Man In The Middle Attack: Browser Attack

(Last Updated On: September 6, 2022)

Man In The Middle Attack:
Browser Attack

Cybersecurity & Online Safety Basics

How Scams Work – A SCARS Insight

What is a Man in the Middle Attack (MitM)?

This Can Be Used To Hijack Your Browser And Capture Your Sensitive Data!

A man-in-the-middle (MitM) attack is a general term for when a cybercriminal positions himself in a conversation between a user and an application or website – either to eavesdrop or to impersonate one of the entities, making it appear as if a normal exchange of information is underway, such as between the user’s browser and a website.

The goal of an attack is to steal personal information, such as login credentials, account details, or credit card numbers.

Targets are typically the users of financial applications, bank websites, SaaS business sites, e-commerce sites, or other websites where logging in is required. Banking websites are a primary target.

Information obtained during an attack could be used for many purposes, including identity theft, unapproved fund transfers, or an illicit password change (account takeover).

Additionally, it can be used to gain access for a more advanced cyber attack, such as for a data breach.

Broadly speaking, a MitM attack is an equivalent of a mailman opening your bank statement, writing down your account details, and then resealing the envelope and delivering it to your door.

How Do Man In The Middle Attacks Work?

The most common way of doing this is a passive attack where the cybercriminal sets up a free, malicious WiFi hotspot available to the public.

These are typically named to fool their victims. They may be named in a way that corresponds to their location, but they typically aren’t password protected. Once a victim connects to such a hotspot, the hacker gains full visibility to any online data exchange and may be able to include malware to install on the victim’s device.

Insecure networks remain a serious mobile device threat. Attackers can intercept traffic through man-in-the- middle (MitM) attacks, or lure anyone into using rogue Wi-Fi hotspots or access points.

Although the risks of public Wi-Fi are becoming well known, convenience trumps policy—even common sense— for many users. Some organizations are trying to prevent this by implementing Wi-Fi-specific policies, but inevitably, rules will be broken.

One of the most dangerous network threats is the interception of traffic, or MitM. This is often done through rogue access points, which take advantage of familiar and trusted public Wi-Fi names (SSIDs). Users may see the name of a legitimate company or brand and connect to it without a second thought.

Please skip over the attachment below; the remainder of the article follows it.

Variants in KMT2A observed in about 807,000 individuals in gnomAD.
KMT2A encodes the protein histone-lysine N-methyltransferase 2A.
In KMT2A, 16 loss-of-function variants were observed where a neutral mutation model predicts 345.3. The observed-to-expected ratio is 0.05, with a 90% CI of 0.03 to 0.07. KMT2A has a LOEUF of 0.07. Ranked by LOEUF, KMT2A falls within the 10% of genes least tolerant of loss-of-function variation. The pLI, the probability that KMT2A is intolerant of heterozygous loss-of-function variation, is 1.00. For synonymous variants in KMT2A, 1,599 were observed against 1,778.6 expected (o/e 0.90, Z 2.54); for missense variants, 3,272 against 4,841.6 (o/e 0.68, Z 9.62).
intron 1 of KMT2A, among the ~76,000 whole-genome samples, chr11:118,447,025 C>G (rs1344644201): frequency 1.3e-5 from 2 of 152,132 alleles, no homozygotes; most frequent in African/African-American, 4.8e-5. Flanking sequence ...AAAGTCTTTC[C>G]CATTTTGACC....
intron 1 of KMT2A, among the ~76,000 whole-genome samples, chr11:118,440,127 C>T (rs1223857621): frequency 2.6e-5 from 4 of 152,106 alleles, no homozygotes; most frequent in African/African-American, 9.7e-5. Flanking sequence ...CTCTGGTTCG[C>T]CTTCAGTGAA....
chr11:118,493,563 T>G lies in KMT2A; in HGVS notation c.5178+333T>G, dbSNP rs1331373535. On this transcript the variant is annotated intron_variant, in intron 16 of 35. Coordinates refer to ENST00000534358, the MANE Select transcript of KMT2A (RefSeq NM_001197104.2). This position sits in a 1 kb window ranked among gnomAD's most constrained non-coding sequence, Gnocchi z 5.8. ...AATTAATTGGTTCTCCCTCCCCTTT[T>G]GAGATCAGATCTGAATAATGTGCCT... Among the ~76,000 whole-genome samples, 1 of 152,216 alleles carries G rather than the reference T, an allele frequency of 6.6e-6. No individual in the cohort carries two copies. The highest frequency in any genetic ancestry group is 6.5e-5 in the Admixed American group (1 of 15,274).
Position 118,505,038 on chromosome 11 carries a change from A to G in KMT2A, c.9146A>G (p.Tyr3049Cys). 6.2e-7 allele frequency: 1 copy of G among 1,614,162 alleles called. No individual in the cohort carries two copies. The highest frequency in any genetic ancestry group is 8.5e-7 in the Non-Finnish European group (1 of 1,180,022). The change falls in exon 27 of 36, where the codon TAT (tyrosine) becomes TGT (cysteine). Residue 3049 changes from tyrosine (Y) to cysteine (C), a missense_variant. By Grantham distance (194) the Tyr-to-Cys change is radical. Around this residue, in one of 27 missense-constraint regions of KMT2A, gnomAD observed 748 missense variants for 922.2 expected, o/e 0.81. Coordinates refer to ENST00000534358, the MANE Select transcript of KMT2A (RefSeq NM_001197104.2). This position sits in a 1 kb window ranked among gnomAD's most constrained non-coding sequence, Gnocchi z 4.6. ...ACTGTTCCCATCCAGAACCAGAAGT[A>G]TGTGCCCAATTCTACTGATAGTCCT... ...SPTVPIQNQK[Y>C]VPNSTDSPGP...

While some rogue hotspot names are obviously misspelled (e.g., Starbuckz), many look perfectly legitimate. And users might have the access point already stored in their device, causing it to connect automatically.

That might sound like something out of a spy movie, but it’s more prevalent than SQL injection (SQLi)-type attacks, and almost as common as phishing—but it gets far less press; maybe it needs a better agent?

Seventy-two percent of organizations said they’re concerned about MitM attacks. Of those, 23% don’t feel prepared. Not to mention the public which has very little idea that this is a thing!

WiFi Risks

WiFi Risks

The Dangers of Wi-Fi

Rogue or insecure hotspots

Not all access points can be trusted—even those carrying the name of a trusted business or brand. The risk of insecure hotspots may be greater than companies realize. Twenty percent of organizations that suffered a mobile compromise said that a rogue/insecure Wi-Fi hotspot was involved.

According to Wandera, employees connect to an average of 24 Wi-Fi hotspots per week. It also found that 7% of devices encounter a hotspot that presents a low-to-medium severity risk, and 2% encounter one rated as a high risk—one known to be affected by MitM, or a protocol attack like SSL Strip.36

Overall, the average mobile device connects to two to three insecure Wi-Fi hotspots per day. The most common settings are retail, hospitality, and transportation hubs, including airports.

Man In The Middle Attack Prevention

Blocking these attacks requires several practical steps on the part of users, as well as a combination of encryption and verification methods for their applications.

FOR USERS, THIS MEANS:

  • Avoid WiFi connections that aren’t password protected.
  • Pay attention to browser notifications reporting a website as being unsecured (not HTTPS).
  • Log out of a secure application when not in use.
  • Not using public WiFi networks (such as coffee shops, hotels, and airports) when conducting sensitive transactions.
  • Report suspicious WiFi to the local business to see if they are aware of it.

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